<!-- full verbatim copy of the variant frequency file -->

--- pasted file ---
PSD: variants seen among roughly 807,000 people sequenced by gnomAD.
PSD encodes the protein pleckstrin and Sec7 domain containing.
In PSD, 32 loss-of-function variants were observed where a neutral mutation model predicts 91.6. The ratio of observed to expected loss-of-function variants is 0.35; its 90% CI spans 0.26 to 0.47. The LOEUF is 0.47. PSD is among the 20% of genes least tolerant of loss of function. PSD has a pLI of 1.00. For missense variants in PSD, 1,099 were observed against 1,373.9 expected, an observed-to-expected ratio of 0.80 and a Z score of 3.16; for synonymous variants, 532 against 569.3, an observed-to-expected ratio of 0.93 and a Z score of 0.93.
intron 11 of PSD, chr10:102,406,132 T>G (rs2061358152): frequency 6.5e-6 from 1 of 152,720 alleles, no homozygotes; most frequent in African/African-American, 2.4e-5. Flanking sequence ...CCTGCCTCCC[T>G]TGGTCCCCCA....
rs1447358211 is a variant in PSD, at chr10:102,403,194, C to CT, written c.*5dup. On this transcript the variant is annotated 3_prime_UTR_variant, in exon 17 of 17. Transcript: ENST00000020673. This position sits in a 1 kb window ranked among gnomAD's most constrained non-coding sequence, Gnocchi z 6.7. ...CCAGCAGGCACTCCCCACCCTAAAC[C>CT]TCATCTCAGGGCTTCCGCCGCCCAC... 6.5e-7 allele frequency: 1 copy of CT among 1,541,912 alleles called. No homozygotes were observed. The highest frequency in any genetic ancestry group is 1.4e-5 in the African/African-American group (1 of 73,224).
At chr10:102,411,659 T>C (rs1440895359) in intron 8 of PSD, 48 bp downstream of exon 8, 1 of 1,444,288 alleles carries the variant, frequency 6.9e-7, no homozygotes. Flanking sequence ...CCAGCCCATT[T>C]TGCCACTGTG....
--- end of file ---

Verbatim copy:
PSD: variants seen among roughly 807,000 people sequenced by gnomAD.
PSD encodes the protein pleckstrin and Sec7 domain containing.
In PSD, 32 loss-of-function variants were observed where a neutral mutation model predicts 91.6. The ratio of observed to expected loss-of-function variants is 0.35; its 90% CI spans 0.26 to 0.47. The LOEUF is 0.47. PSD is among the 20% of genes least tolerant of loss of function. PSD has a pLI of 1.00. For missense variants in PSD, 1,099 were observed against 1,373.9 expected, an observed-to-expected ratio of 0.80 and a Z score of 3.16; for synonymous variants, 532 against 569.3, an observed-to-expected ratio of 0.93 and a Z score of 0.93.
intron 11 of PSD, chr10:102,406,132 T>G (rs2061358152): frequency 6.5e-6 from 1 of 152,720 alleles, no homozygotes; most frequent in African/African-American, 2.4e-5. Flanking sequence ...CCTGCCTCCC[T>G]TGGTCCCCCA....
rs1447358211 is a variant in PSD, at chr10:102,403,194, C to CT, written c.*5dup. On this transcript the variant is annotated 3_prime_UTR_variant, in exon 17 of 17. Transcript: ENST00000020673. This position sits in a 1 kb window ranked among gnomAD's most constrained non-coding sequence, Gnocchi z 6.7. ...CCAGCAGGCACTCCCCACCCTAAAC[C>CT]TCATCTCAGGGCTTCCGCCGCCCAC... 6.5e-7 allele frequency: 1 copy of CT among 1,541,912 alleles called. No homozygotes were observed. The highest frequency in any genetic ancestry group is 1.4e-5 in the African/African-American group (1 of 73,224).
At chr10:102,411,659 T>C (rs1440895359) in intron 8 of PSD, 48 bp downstream of exon 8, 1 of 1,444,288 alleles carries the variant, frequency 6.9e-7, no homozygotes. Flanking sequence ...CCAGCCCATT[T>C]TGCCACTGTG....